Despite isolated communities, extensive flooding, and at least one deep-water rescue, Wairarapa emergency services report the first 24 hours of Cyclone Gabrielle have been better than expected.
Fire and Emergency [Fenz] Wairarapa group manager Craig Cottrill said access was the biggest challenge for brigades, with road closures hampering the response to incidents on Tuesday.
“Hopefully, the rivers go down, and the roads open. Our ability to respond is restrained right now by the condition of the roads.
“That’s not a criticism, it’s just the nature of the weather event.”
He said people were generally adhering to advice to stay home, although he confirmed one driver had been caught out in floodwaters on Te Whiti Rd early yesterday morning.
Cottrill said the driver, who was on the roof of the car, was rescued in a combined effort by her partner and Fenz shortly after 5am.
On Tuesday afternoon, brigades from Masterton, Carterton, and Wainuioru responded to reports of a landslide behind a house on Te Wharau Rd.
Thankfully there were no reported injuries or structural damage in the incident, because most of the brigades never made it, due to two big slips blocking the road about 400 metres from the property, Carterton Fire Brigade officer Wayne Robinson said.
“The Wainuioru Brigade proceeded on foot, and confirmed there was no further action required by Fenz.”
Robinson said it was fortunate the incident had not been more serious.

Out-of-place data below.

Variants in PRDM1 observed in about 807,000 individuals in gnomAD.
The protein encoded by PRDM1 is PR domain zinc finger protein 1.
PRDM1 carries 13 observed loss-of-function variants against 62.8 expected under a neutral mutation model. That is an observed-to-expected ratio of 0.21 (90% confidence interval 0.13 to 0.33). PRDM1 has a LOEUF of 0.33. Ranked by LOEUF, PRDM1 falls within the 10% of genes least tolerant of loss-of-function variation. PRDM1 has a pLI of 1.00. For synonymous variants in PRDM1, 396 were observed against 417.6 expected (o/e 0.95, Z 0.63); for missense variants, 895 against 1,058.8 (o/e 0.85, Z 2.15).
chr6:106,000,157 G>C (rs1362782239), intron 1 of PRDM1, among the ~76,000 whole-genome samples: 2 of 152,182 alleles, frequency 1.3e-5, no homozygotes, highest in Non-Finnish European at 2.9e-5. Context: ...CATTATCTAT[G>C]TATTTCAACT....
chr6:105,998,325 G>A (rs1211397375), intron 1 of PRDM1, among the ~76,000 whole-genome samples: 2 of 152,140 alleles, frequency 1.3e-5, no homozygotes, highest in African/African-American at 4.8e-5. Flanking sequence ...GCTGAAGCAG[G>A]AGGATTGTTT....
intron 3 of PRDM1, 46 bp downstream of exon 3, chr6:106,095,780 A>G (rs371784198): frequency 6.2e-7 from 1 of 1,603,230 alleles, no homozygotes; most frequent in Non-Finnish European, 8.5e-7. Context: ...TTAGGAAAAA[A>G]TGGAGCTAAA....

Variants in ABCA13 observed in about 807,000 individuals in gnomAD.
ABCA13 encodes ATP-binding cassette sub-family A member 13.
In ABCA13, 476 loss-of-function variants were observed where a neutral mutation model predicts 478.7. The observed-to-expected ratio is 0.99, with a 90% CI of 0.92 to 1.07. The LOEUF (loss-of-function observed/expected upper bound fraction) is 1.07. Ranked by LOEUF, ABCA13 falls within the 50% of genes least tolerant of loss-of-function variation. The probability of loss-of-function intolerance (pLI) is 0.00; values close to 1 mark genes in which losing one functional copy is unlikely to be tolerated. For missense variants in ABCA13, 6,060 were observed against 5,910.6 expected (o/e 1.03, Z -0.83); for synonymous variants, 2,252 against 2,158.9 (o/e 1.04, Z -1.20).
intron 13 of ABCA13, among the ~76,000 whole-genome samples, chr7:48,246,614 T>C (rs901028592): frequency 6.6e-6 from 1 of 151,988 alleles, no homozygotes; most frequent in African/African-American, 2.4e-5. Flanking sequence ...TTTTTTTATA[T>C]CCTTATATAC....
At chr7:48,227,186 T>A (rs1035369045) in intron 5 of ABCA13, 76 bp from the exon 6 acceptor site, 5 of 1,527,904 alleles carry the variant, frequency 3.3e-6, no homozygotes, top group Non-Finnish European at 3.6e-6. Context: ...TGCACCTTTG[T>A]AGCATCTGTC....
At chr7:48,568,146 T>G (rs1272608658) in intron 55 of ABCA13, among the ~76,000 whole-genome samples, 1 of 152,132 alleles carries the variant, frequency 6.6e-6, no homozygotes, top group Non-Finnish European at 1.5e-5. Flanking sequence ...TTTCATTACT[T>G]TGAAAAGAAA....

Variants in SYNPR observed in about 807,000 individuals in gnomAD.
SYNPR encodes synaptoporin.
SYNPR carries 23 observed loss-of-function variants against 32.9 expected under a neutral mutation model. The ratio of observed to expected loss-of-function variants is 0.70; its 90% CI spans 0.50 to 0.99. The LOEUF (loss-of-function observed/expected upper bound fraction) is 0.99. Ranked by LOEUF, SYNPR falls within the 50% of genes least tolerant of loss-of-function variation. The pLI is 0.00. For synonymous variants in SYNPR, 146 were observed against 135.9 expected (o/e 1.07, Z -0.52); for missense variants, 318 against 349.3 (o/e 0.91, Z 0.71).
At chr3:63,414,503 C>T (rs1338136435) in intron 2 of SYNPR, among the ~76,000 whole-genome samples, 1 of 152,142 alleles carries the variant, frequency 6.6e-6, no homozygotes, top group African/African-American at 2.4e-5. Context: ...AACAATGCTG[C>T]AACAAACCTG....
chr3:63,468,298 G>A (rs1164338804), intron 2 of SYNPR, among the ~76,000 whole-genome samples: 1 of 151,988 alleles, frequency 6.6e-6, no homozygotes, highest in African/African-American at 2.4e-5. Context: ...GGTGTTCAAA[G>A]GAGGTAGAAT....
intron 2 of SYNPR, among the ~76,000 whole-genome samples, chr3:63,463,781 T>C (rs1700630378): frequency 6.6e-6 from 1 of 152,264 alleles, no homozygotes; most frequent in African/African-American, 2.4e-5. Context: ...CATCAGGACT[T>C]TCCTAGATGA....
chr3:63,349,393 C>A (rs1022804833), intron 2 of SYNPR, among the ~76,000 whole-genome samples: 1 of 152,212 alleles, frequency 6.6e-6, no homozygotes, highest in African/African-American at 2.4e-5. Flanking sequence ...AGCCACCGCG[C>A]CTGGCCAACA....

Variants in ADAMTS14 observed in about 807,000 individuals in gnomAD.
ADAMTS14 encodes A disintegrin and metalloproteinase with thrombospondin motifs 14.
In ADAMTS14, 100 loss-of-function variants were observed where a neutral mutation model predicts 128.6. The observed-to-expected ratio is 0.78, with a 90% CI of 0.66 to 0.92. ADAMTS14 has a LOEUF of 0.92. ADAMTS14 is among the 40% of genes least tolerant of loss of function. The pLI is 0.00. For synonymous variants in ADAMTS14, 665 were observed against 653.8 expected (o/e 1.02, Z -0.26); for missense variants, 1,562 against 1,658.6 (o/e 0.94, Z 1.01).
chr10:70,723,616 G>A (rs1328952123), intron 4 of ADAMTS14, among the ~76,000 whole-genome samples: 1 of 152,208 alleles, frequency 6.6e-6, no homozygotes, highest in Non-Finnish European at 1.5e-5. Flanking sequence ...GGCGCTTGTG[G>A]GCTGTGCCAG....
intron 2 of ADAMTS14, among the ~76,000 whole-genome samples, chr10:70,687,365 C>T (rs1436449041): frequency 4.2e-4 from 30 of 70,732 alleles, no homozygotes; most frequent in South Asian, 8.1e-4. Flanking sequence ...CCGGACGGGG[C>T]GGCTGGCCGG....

“There wouldn’t have been much we could have done aside from making sure everyone was safe.
“Thinking worst-case scenario if we needed a helicopter, the weather was pretty bad out there – windy, and torrential rain, and slips and debris on the road.
“The eastern hills have had the worst of it.”
Fellow officer Bryan Styles said in his six decades in the region he had never seen such extensive flooding.
“Out in Tinui and Te Wharau Rd, I couldn’t believe the amount of water. The Wainuioru River was way up.
“Tinui Brigade had a fire out that way, but they couldn’t get to it. They needed jet boats, not trucks,” Styles said.
On Tuesday afternoon, multiple brigades responded to a shed fire in Whareama. However, the condition of the roads meant only Masterton brigade could attend.
The suspected electrical fire razed the structure.
Cottrill said there had been contact with isolated rural brigades on the east and south coasts of Wairarapa.
“To a certain extent, it is business as usual – they are used to being isolated, but the severity of that depends on the period of time.
“If they are isolated for a prolonged period and we need to get resources to those communities, we’ll be looking at options such as helicopters.”